Saturday, November 19, 2011

The End that is A Beginning: 34th Week of the Liturgical Year, November 20-26, 2011

Daniel chapters 1-7; Luke, chapter 21.


Sunday, the 34th Sunday of the Year and Feast of Christ the King, begins the last week of the liturgical year. Liturgically, the Church’s “New Year” begins with the first Sunday of Advent, when we begin to focus explicitly, in anticipation, on the event with which Christian time begins: the birth of Jesus Christ.

The Immersed in Christ Reflections this week review and bring to a conclusion a year of formation. Every day we have focused on drawing out of the readings what helps us to understand and enter fully into the mystery we celebrate at Mass. By now we should all be alertly conscious of the five mysteries that are presented in turn during the Eucharistic celebration. We should have acquired the habit of actively celebrating and embracing them during the liturgy. This is what the bishops asked for in Vatican II:

It is very much the wish of the Church that all the faithful should be led to take that full, conscious, and active part in liturgical celebrations which is demanded by the very nature of the liturgy, and to which the Christian people, “a chosen race, a royal priesthood, a redeemed people,” have a right and are bound by reason of their Baptism.

All those who have read and put into practice the Immersed in Christ Reflections for the past year have been formed to do this. They have learned how to enter into the five mysteries of Baptism as they are celebrated, one after another, in the Mass.

This is an experience of the New Evangelization that the last four popes have been calling for. They say we have not truly “heard” the Good News. It has not been effectively preached to us. We have not really been “evangelized” (i.e. told the Good News).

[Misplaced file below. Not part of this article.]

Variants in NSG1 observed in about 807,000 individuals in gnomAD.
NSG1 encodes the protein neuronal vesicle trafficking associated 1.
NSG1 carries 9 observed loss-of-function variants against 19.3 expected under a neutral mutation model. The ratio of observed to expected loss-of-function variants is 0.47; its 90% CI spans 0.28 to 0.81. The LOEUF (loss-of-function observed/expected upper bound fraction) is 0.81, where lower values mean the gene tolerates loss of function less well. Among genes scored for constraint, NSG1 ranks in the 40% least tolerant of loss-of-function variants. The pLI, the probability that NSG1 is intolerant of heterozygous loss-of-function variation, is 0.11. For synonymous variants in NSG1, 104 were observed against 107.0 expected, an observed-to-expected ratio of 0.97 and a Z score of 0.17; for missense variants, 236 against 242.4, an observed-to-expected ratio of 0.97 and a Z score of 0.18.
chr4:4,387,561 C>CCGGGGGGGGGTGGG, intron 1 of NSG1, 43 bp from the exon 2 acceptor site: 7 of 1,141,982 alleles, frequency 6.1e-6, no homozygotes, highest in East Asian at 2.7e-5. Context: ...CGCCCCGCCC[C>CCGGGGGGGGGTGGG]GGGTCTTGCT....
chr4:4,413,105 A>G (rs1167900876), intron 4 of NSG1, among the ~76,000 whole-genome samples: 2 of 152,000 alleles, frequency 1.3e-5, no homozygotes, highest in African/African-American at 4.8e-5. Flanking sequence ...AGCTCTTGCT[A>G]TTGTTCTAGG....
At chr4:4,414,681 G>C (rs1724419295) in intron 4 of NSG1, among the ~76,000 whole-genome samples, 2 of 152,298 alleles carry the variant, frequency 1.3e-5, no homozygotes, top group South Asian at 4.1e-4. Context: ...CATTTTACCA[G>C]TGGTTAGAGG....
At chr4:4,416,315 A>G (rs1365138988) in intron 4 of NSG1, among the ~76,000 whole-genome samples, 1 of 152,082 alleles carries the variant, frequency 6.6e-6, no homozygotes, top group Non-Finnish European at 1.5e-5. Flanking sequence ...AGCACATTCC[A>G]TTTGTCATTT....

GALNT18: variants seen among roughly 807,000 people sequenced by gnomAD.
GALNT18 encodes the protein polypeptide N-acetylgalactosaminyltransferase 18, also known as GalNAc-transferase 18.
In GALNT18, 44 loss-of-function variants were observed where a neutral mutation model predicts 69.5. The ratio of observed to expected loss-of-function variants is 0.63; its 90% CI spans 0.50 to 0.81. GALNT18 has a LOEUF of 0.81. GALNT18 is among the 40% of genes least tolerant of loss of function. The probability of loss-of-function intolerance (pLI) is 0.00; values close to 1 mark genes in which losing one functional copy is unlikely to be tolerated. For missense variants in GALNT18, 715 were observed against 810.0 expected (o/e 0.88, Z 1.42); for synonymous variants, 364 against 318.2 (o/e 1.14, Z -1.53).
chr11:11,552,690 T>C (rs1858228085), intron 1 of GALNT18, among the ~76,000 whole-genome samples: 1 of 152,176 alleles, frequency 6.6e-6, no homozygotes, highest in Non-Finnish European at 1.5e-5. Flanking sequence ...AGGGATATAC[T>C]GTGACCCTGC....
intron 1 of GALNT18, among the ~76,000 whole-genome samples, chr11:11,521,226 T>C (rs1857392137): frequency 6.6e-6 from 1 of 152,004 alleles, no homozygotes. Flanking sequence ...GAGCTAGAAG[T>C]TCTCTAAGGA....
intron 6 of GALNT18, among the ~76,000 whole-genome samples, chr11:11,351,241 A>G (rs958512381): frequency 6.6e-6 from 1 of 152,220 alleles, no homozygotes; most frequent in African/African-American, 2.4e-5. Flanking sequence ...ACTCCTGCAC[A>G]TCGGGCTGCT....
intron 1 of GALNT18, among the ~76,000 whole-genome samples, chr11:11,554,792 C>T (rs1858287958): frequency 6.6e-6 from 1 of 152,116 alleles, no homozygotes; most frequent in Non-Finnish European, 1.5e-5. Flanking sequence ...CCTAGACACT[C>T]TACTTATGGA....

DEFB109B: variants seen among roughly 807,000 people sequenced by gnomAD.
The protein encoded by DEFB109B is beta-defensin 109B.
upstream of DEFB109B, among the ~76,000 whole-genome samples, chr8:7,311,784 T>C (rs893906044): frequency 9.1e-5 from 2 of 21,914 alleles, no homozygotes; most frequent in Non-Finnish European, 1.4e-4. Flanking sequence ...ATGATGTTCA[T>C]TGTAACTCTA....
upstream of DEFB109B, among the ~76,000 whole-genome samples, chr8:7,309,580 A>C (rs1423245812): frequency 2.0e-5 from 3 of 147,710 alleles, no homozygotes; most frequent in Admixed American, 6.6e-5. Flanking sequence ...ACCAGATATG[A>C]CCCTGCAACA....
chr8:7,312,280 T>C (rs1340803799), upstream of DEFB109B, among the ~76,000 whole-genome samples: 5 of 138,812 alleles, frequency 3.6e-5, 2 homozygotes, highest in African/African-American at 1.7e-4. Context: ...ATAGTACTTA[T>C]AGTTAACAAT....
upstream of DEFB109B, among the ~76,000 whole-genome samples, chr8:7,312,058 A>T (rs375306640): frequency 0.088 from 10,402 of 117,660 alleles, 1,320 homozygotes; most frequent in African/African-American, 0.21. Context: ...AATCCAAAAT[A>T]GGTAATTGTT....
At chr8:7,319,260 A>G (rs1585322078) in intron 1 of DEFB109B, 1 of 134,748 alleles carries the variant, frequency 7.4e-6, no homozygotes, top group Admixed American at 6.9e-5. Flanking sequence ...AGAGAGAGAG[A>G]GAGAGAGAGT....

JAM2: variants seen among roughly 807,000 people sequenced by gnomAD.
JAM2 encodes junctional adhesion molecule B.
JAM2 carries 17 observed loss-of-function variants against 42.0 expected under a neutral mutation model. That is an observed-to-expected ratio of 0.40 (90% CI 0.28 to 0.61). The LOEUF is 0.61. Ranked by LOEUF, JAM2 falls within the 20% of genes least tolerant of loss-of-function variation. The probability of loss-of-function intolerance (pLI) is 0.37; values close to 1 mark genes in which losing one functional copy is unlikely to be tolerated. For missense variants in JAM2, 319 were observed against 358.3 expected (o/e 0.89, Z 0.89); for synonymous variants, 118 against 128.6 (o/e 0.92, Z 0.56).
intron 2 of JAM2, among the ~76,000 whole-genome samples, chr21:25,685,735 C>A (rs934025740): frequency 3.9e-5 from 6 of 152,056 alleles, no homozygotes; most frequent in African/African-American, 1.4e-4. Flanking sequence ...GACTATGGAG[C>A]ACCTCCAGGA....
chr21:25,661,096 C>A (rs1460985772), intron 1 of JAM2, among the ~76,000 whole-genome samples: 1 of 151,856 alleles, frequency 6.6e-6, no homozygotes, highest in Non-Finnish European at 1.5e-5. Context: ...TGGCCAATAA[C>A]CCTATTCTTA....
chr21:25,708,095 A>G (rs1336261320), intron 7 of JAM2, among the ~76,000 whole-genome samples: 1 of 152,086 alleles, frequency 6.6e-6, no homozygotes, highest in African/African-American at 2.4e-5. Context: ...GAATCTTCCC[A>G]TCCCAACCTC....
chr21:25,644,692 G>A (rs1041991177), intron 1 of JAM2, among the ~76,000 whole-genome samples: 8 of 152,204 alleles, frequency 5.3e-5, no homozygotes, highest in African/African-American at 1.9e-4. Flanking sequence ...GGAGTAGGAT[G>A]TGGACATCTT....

The key to the New Evangelization is to re-affirm — to explain and show people how to experience — what was lacking or “dumbed down” in the religious instruction we received. What was not brought into focus for us was the mystery embodied in every doctrine we profess, every sacrament we receive, every action we are called on to perform; and above all, in every celebration of Eucharist.

A “mystery” is “a truth that invites endless exploration.” Catholics who think they have “learned their religion” have misunderstood everything they were taught (probably because it was not taught). If they are not actively exploring the truths of their faith, they don’t know they are “mysteries.” They think they have “heard” the Good News, so to them it isn’t news any more. That means they never heard it.

Faith formation is not the same as instruction in the faith. Formation is “reiterated instruction combined with insistent intentionality” — in other words, we have to keep telling people the truth until it sinks in (and then, because it is a mystery, it will be in them “a spring of water gushing up to eternal life”); and we have to keep urging and showing them ways to live it out in action.

That is the guiding principle and goal behind the Reflections offered each year by Immersed in Christ. Next year we will take you through the same deep mysteries of Baptism as they are found in the prayer Jesus taught us to say: the Our Father.

“Go: the Mass is ended.” And just begun.

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